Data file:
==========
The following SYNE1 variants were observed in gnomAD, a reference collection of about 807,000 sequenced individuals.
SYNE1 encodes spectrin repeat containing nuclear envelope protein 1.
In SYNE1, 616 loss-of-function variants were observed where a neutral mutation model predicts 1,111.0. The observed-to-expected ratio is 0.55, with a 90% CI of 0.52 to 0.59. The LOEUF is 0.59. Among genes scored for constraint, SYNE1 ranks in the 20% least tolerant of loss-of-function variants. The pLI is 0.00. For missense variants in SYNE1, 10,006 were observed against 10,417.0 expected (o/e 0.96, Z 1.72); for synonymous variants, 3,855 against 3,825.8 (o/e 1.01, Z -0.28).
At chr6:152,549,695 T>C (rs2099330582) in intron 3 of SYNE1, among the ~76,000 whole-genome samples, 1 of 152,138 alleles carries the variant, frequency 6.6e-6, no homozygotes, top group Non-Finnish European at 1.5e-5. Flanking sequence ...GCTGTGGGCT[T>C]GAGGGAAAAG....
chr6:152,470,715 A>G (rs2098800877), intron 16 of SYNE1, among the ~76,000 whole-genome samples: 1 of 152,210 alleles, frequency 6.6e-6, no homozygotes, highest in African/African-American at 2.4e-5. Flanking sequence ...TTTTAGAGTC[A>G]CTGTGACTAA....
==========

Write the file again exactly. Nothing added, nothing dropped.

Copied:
The following SYNE1 variants were observed in gnomAD, a reference collection of about 807,000 sequenced individuals.
SYNE1 encodes spectrin repeat containing nuclear envelope protein 1.
In SYNE1, 616 loss-of-function variants were observed where a neutral mutation model predicts 1,111.0. The observed-to-expected ratio is 0.55, with a 90% CI of 0.52 to 0.59. The LOEUF is 0.59. Among genes scored for constraint, SYNE1 ranks in the 20% least tolerant of loss-of-function variants. The pLI is 0.00. For missense variants in SYNE1, 10,006 were observed against 10,417.0 expected (o/e 0.96, Z 1.72); for synonymous variants, 3,855 against 3,825.8 (o/e 1.01, Z -0.28).
At chr6:152,549,695 T>C (rs2099330582) in intron 3 of SYNE1, among the ~76,000 whole-genome samples, 1 of 152,138 alleles carries the variant, frequency 6.6e-6, no homozygotes, top group Non-Finnish European at 1.5e-5. Flanking sequence ...GCTGTGGGCT[T>C]GAGGGAAAAG....
chr6:152,470,715 A>G (rs2098800877), intron 16 of SYNE1, among the ~76,000 whole-genome samples: 1 of 152,210 alleles, frequency 6.6e-6, no homozygotes, highest in African/African-American at 2.4e-5. Flanking sequence ...TTTTAGAGTC[A>G]CTGTGACTAA....